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The Legacy of “Jim Crow”

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These artifacts depict particularly ugly and sadistic stereotypes—images of supposed natives, bug-eyed buffoons, and simpleminded children—that originated in the slave-holding days of the nineteenth century and remained popular in the South and elsewhere throughout the civil rights era.

While this imagery was varied, and worked in multiple ways, its inevitable purpose in southern culture was to further the cause of so-called Jim Crow segregation laws by distinguishing between the humanity and supremacy of white people and the alleged “inferiority” of black people.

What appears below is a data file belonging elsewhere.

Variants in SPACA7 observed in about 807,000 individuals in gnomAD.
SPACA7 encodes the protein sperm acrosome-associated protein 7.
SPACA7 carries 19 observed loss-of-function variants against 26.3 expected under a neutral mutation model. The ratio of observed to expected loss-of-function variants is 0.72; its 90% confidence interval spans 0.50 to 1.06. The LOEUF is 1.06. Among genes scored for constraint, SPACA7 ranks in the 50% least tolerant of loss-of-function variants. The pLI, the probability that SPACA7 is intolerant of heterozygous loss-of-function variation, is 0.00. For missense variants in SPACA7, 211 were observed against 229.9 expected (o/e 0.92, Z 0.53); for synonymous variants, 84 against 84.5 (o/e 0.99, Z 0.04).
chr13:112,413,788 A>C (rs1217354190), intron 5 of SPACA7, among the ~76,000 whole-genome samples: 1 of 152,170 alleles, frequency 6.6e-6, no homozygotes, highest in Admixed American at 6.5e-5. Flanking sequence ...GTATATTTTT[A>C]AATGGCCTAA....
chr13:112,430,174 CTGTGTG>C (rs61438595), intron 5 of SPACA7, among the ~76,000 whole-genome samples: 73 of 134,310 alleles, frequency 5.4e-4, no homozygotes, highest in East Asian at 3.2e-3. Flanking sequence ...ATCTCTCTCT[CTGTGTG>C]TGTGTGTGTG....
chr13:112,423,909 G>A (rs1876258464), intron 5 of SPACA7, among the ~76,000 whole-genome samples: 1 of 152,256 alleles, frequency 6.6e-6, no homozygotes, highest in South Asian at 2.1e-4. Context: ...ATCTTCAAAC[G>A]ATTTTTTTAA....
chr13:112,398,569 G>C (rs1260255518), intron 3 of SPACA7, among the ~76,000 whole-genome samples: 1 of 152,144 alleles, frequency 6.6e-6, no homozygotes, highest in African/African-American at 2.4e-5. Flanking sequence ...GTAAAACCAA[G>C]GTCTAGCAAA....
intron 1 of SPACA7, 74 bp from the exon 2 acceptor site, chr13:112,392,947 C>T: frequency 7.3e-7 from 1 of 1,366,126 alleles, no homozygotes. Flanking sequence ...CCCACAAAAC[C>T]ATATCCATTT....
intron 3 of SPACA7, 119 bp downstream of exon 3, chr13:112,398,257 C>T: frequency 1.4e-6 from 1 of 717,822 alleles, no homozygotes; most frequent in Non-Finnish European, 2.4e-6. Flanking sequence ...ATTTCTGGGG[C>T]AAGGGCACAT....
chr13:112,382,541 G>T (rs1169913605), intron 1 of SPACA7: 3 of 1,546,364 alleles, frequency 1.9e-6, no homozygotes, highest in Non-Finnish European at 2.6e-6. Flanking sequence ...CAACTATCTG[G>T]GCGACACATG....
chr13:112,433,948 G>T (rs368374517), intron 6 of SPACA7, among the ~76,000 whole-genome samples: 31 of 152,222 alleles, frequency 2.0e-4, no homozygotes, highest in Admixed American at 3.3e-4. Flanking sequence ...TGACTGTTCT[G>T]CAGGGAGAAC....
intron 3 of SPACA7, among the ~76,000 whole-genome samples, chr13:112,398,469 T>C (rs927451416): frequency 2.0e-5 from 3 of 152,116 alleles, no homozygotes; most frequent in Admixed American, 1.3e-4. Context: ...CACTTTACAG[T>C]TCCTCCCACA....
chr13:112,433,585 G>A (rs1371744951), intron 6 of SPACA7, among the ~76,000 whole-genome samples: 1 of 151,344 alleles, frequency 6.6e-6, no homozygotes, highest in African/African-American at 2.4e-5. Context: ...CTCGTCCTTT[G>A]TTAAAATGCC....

Image Credits/Captions (Click on thumbnails for full image)

Letter Opener and Pencil, c. 1950s. Celluloid, wood, graphite. 1 3/4 x 7 3/4 in. Collection of Civil Rights Archive/CADVC-UMBC, Baltimore, Maryland, Anonymous Gift 2010.21.ab

Birthday Card, c. 1940s. Offset lithography on paper. 4 1/2 x 4 1/2 in. Collection of Civil Rights Archive/CADVC-UMBC, Baltimore, MD, 2005.177

Clean Fun Starring “Shoogafoots Jones,” 1946. 9 7/8 in x 6 7/16 in. Collection of Civil Rights Archive/CADVC-UMBC, Baltimore, MD, 2005.90

“Minstrel” Makeup Kit, c. 1950s. Offset lithograph on paper, plastic, greasepaint. Dimensions variable. Collection of Civil Rights Archive/CADVC-UMBC, Baltimore, Maryland, Anonymous Gift 2010.19.ad